Laws About Who Pays the Student Loan Debts Upon Divorce

  1. If you took the student loan out before you were married, then it is your separate debt upon divorce;
  2. If you took the student loan out during your marriage, then it is “presumed” to be a debt of both spouses of the marriage (i.e. a “community debt” that will be split by the parties upon divorce).
  3. But, if there is evidence that a creditor took only one spouse’s credit into account when the creditor gave the student loan out, then this evidence will change the presumed community debt into a separate debt of just the incurring spouse. .” Marie v. Velasquez, No. 04-08-00271-CV, 2008 WL 5082989, at *1 (Tex. App.-San Antonio Dec. 3, 2008, pet. denied) (mem. op.)

McCoy v. McCoy Texas Court of Appeals, 2nd District, 2016:

“Jason’s reimbursement claim expressly hinges upon the characterization of his student loans as separate, rather than community, property. Community property consists of all property, other than separate property, acquired by either spouse during marriage. Tex. Fam. Code Ann. § 3.002 (West 2006). Property owned before marriage, or acquired during marriage by gift, devise, or descent, is separate property. Id. § 3.001 (West 2006). Property possessed by either spouse during or on dissolution of the marriage is presumed to be community property. Id. § 3.003(a) (West 2006). The community property presumption applies to both assets and liabilities. Richardson v. Richardson, 424 S.W.3d 691, 697 (Tex. App.-El Paso 2014, no pet.). Thus, “[d]ebts contracted during marriage are presumed to be community debt and therefore become community obligations at divorce unless there is evidence that the creditor agreed to look solely to a party’s separate estate.” Marie v. Velasquez, No. 04-08-00271-CV, 2008 WL 5082989, at *1 (Tex. App.-San Antonio Dec. 3, 2008, pet. denied) (mem. op.). To overcome the community property presumption, the complaining party must rebut the presumption by clear and convincing evidence. Tex. Fam. Code Ann. § 3.003(b).”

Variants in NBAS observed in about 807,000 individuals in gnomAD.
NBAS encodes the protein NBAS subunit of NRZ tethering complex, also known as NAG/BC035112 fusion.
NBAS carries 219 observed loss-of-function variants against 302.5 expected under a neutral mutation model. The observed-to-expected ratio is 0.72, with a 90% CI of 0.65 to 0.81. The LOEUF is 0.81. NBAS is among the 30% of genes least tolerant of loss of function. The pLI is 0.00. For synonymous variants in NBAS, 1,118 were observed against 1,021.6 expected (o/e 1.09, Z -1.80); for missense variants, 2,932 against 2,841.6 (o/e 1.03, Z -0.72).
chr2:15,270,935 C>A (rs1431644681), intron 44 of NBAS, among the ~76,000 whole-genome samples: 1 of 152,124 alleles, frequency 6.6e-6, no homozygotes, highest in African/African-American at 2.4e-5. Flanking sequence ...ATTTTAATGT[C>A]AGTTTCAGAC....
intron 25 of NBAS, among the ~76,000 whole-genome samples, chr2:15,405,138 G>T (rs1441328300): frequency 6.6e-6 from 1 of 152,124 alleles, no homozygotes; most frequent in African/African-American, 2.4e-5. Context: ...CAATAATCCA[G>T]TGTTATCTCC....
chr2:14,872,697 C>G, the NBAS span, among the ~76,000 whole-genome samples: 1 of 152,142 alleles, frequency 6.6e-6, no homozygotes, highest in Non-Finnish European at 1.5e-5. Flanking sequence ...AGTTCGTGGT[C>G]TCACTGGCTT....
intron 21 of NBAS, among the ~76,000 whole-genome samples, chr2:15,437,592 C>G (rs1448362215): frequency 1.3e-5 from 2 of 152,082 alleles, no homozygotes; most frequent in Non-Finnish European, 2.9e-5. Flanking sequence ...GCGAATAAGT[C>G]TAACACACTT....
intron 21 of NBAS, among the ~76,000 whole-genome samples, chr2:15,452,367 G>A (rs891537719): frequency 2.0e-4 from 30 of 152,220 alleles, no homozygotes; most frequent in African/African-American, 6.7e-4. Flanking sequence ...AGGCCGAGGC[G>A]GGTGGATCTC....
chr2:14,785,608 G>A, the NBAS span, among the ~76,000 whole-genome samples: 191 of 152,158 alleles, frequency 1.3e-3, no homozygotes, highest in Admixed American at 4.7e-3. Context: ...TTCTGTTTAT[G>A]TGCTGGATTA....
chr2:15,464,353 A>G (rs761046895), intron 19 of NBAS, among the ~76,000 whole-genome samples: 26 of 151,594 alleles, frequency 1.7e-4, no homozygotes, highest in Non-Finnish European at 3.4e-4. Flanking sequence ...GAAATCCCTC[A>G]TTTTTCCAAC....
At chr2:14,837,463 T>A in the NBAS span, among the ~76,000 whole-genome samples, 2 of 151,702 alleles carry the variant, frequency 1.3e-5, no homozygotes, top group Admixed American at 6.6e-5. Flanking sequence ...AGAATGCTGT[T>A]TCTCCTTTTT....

If You Paid Off Your Husband or Wife’s Student Loans, Do They Have To Pay You Back Upon Divorce?

Two Texas cases have held that if you paid for your husband or wife’s student loans during marriage, you will not be reimbursed upon divorce.  Halbert v. Halbert, 794 S.W.2d 535 (Tex. App.–Tyler 1990, no writ) and Frausto v. Frausto, 611 S.W.2d 656 (Tex. App.–San Antonio 1980, write dism’d).

In Frausto v. Frausto, the trial court was actually reversed on appeal when a spouse was awarded $20,000 to reimburse payment of student loans.  Also Texas Family Code Ann. Section 3.409(5) expressly states that spouses will not be reimbursed for student loans.

What would the court do?

When figuring out how to settle your divorce in a friendly manner, a most important question is what would happen if you brought a dispute about student loans to court.  The Texas law is fairly predictable on there points– If you incurred the student loans before you were married, the court absolutely will assign you 100% of those debts upon divorce.  So, you should agree to pay 100% of your student loans during your divorce settlement (if you had those loans before the marriage).

If you took the loans out during the marriage, then you should still agree to pay 100% of those loans, UNLESS the line of credit given to you for your education was given based on your credit AND your spouse’s credit combined.